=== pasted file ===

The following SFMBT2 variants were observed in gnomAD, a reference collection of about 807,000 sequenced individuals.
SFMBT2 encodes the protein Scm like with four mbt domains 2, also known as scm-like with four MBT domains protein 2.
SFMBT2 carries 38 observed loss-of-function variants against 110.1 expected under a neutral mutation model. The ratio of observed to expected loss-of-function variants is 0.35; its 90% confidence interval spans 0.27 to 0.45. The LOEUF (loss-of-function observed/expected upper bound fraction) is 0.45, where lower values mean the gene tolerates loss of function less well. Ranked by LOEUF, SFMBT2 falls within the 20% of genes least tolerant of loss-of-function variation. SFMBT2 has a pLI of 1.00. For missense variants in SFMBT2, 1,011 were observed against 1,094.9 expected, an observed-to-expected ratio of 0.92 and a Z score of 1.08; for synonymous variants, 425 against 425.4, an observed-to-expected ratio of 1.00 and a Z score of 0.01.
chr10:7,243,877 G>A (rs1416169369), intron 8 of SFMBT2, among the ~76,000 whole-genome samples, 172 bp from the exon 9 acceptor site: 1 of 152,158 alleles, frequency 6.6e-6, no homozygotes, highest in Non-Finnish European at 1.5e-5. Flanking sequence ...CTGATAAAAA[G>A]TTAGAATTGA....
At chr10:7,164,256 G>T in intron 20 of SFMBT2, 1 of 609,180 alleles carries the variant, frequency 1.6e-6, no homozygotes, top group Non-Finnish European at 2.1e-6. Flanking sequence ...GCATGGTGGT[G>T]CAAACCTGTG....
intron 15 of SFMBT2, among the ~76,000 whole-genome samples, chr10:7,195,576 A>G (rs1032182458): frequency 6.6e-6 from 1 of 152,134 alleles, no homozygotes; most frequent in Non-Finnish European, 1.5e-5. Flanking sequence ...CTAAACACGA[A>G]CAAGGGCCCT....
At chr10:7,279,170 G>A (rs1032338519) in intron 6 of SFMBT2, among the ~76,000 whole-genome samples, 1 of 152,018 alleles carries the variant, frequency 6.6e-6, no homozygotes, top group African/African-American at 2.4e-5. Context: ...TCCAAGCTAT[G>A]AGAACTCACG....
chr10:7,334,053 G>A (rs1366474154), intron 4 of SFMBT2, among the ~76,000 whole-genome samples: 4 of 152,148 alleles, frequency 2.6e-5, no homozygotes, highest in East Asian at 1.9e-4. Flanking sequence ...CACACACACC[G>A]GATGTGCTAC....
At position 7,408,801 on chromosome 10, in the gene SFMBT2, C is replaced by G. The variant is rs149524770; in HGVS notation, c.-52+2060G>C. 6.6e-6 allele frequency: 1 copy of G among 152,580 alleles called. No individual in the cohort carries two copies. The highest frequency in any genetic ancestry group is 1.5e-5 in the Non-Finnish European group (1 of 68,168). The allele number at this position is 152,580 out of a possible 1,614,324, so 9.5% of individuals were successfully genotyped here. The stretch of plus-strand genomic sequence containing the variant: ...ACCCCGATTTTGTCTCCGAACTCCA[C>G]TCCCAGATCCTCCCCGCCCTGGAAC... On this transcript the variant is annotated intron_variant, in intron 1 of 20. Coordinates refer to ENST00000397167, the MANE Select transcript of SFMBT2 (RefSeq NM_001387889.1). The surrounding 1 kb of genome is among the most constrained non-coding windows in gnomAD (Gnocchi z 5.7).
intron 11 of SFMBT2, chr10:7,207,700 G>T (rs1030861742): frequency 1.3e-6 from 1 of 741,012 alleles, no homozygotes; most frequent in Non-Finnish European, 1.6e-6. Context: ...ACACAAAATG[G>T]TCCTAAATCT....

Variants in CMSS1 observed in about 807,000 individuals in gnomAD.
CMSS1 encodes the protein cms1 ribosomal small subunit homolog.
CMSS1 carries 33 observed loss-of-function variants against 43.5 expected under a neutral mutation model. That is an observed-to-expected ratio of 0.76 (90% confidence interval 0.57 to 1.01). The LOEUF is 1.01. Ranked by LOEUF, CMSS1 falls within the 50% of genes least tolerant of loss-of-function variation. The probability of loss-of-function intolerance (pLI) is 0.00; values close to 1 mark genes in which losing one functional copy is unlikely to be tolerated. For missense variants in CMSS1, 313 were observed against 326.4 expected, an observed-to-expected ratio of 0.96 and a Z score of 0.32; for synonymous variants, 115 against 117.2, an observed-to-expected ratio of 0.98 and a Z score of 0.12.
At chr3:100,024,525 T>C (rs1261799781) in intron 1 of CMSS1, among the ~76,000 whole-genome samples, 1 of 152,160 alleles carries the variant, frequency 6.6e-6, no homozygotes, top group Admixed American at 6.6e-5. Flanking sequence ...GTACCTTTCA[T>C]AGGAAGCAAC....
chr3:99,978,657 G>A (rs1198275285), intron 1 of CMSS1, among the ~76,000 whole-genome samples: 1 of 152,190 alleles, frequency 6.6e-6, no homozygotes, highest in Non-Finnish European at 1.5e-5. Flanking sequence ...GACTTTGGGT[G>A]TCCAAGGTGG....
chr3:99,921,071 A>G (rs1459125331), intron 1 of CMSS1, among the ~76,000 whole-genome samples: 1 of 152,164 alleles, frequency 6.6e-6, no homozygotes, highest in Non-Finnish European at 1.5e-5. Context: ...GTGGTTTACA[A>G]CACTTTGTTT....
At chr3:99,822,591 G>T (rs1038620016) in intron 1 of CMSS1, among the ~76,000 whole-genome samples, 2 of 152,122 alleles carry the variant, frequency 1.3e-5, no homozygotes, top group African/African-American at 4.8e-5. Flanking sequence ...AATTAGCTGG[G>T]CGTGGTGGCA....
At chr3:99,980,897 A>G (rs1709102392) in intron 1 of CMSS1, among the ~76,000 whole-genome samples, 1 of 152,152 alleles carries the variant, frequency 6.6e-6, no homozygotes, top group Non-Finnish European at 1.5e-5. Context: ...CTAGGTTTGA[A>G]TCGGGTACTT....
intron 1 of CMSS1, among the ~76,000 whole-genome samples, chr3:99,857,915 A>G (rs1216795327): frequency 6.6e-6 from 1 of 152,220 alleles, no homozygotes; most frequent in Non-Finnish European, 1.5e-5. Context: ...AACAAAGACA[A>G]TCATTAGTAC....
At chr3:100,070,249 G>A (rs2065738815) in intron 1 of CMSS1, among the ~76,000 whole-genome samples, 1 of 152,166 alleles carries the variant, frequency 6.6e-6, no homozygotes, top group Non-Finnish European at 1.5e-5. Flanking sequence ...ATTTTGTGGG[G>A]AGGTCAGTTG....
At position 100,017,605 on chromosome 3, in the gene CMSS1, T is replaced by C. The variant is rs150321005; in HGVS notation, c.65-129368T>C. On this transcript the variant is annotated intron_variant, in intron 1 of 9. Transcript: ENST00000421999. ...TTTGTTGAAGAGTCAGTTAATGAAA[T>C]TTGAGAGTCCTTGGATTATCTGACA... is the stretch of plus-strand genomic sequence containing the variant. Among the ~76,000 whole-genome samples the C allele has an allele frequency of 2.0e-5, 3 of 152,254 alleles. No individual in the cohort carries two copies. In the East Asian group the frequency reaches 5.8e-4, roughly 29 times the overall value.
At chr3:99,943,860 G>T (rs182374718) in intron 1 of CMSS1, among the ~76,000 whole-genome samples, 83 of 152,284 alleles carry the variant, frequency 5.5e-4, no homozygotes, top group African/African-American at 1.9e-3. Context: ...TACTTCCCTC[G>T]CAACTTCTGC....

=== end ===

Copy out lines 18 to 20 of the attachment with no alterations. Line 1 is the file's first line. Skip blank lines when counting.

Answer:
At chr3:99,980,897 A>G (rs1709102392) in intron 1 of CMSS1, among the ~76,000 whole-genome samples, 1 of 152,152 alleles carries the variant, frequency 6.6e-6, no homozygotes, top group Non-Finnish European at 1.5e-5. Context: ...CTAGGTTTGA[A>G]TCGGGTACTT....
intron 1 of CMSS1, among the ~76,000 whole-genome samples, chr3:99,857,915 A>G (rs1216795327): frequency 6.6e-6 from 1 of 152,220 alleles, no homozygotes; most frequent in Non-Finnish European, 1.5e-5. Context: ...AACAAAGACA[A>G]TCATTAGTAC....
At chr3:100,070,249 G>A (rs2065738815) in intron 1 of CMSS1, among the ~76,000 whole-genome samples, 1 of 152,166 alleles carries the variant, frequency 6.6e-6, no homozygotes, top group Non-Finnish European at 1.5e-5. Flanking sequence ...ATTTTGTGGG[G>A]AGGTCAGTTG....